Memphis has lost many great people over the years. We hope to memorialize these fellow citizens on this page. If you feel someone should be added please complete this form.
John E Harkins
Dr John E. Harkins and his wife Georgia, are both fifth-generation Memphians with decades-long, passionate commitments to Memphis-area history and to institutions serving that history. John taught history for thirty-plus years, with more than twenty-five of those years being at Memphis University School. He has written dozens of articles on Mid-South history and three highly regarded books on Memphis and Shelby County topics. These include Metropolis of the American Nile, MUS Century Book and Historic Shelby County. The first two of these have also been republished in revised editions.
By way of preparation in local history, John served six years as Memphis and Shelby County archivist, eight years on the Tennessee Public Records Commission, eight years on the Shelby County Historical Commission and four years on the Tennessee Historical Commission. During the 1980’s, John produced and hosted a local history talk show on the public library’s cable television channel.
In the private sector, Harkins served eight years as president of the West Tennessee Historical society, two years as president of Descendants of Early Settlers of Shelby County and eight years in various offices on the board of the Davies Manor (museum home) Association. Over the decades, John has also held memberships in the Tennessee Historical Society, Memphis Heritage Inc., the Association for the Preservation of Tennessee Antiquities, the Tennessee Preservation Trust, the Jackson Purchase Historical Society and the Bartlett Historical Society.
Roger W. Fitch
Line of Duty Death on the Memphis Fire Department. Private assigned to Engine 7, died of smoke inhalation while fighting a fire at the Owen Graham Salvage and Sundry Store at 1333 Madison Avenue at 10:03 a.m. on March 21, 1965. Five other firefighters were overcome by smoke and transported to area hospitals. Roger Fitch, 35, had been with the department for ten years. He was married and the father of one daughter.
Joseph E. Walk passed away July 18, 2015. Born in Garland, TN. (Tipton County), June 1, 1932, he lived most of his life in the Memphis community of Highland Heights, where he attended Treadwell School and graduated from Memphis State University. He worked at Sears, Roebuck for 25 years and served on the Memphis Police Department for 19 years as a reserve and patrol officer.
Joe Walk was one of the most thorough researchers I have ever known, a very quiet historian who did not enjoy the limelight, and one who worked without a computer. I began historical research on Memphis Streets and Alleyways in 1988 at the Memphis Pubic Library. I was struggling with some material when a tall thin older gentleman sat down beside me and said, “here is what you need.” I thanked him and after some time talking, I found out that we had a lot in common. I spent months in the library and every time I was there, he was there also. A friendship was created around our love of history.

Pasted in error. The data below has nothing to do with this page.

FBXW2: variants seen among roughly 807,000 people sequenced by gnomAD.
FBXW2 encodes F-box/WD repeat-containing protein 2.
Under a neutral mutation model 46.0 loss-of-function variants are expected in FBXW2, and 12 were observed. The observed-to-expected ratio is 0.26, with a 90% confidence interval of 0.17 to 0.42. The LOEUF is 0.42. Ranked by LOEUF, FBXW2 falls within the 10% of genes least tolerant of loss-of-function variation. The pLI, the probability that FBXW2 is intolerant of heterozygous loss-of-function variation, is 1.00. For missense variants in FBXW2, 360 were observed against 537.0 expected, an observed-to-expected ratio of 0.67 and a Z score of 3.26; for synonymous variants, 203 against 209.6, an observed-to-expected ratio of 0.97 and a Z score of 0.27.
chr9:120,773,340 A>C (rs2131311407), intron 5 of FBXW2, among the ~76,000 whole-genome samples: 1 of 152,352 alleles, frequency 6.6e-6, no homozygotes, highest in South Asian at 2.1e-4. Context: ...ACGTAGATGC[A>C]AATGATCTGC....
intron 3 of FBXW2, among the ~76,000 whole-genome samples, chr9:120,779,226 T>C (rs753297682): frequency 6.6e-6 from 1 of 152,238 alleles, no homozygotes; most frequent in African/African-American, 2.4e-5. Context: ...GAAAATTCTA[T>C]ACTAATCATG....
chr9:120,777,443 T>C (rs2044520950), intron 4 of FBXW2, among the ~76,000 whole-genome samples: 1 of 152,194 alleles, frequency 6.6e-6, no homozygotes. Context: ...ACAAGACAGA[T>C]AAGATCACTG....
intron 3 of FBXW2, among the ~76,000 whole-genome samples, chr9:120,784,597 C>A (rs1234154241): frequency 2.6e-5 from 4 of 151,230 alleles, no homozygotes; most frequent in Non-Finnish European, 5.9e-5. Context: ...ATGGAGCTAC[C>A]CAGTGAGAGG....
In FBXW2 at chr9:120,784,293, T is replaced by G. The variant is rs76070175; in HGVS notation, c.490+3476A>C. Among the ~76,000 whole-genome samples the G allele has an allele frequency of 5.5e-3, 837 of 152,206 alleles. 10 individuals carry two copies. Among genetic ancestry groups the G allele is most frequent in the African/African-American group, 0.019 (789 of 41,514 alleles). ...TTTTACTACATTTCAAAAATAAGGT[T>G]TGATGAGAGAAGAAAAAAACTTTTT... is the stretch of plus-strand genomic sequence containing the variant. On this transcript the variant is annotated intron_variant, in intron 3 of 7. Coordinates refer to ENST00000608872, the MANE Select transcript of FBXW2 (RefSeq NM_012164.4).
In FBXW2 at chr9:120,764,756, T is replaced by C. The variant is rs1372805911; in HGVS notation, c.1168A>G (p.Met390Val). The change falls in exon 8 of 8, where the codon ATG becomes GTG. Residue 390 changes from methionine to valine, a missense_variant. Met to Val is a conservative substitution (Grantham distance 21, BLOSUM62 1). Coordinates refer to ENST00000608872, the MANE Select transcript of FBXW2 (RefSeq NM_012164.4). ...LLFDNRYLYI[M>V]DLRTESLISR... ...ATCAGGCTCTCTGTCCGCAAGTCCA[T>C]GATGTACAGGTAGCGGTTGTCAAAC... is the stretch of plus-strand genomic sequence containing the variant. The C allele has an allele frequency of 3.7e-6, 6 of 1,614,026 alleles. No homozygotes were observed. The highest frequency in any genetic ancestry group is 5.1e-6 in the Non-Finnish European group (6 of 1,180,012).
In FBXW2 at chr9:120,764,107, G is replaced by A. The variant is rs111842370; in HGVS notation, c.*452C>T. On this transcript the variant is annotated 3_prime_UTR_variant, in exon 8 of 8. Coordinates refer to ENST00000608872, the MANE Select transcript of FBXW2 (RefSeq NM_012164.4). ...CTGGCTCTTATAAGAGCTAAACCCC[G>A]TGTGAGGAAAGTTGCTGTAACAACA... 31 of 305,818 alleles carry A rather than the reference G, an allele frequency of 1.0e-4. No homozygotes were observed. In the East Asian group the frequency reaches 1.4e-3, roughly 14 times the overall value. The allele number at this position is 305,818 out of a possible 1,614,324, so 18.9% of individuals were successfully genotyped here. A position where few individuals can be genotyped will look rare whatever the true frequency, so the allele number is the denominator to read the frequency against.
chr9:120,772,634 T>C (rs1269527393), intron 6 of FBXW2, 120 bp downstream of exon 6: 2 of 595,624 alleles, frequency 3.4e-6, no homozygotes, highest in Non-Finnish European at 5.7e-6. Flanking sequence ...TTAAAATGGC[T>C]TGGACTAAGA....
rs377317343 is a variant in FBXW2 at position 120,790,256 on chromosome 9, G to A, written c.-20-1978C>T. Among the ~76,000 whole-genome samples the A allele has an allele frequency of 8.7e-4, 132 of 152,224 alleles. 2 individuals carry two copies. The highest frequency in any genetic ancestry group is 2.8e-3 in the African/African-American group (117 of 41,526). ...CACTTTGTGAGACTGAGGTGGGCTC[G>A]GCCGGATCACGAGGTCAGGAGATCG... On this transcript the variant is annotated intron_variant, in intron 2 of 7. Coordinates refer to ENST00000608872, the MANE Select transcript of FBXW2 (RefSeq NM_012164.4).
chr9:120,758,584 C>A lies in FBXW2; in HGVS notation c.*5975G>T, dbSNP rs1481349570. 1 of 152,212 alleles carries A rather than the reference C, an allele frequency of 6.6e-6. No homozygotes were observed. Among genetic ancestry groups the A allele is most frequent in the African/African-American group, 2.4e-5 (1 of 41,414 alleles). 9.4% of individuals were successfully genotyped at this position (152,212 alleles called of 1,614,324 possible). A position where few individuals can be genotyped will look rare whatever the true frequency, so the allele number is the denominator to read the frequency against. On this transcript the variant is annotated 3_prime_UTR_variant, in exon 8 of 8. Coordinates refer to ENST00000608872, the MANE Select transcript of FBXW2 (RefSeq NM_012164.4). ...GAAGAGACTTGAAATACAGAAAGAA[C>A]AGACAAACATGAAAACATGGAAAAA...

I was thrilled when Mr. Walk proofed my book Memory Lanes, for historical correctness. We both worked on the History of Memphis Theaters, which was used on a WKNO program.
Joe Walk wrote extensive histories on the following subjects:
- Highland Heights, Treadwell High School, and the surrounding areas
- Memphis Executive and Legislative Government
- Chronological History of Selected Local Office and Government Buildings
- African American Police Officers
- Memphis and Shelby County Government Buildings, Jails, Workhouses
- City Hall the early years from 1820 to 1888
- Memphis Fire Department from 1830 to 1992
- The History of the Memphis Police Department
- History of Line of Duty Deaths, Memphis Police, Shelby County Sheriff’s Department, and the U. S. Marshal Service
Joe Walk served on the boards of the local Fire Buff Club and the West Tennessee Historical Society. Any writer, who writes about the story of Highland Heights, has obtained their information from him or his work.
He was my mentor and friend, and always approachable for research assistance. In later years, he and I helped each other locate historical information on subjects that we were working on. I sure miss him now.
Written by Joe Lowry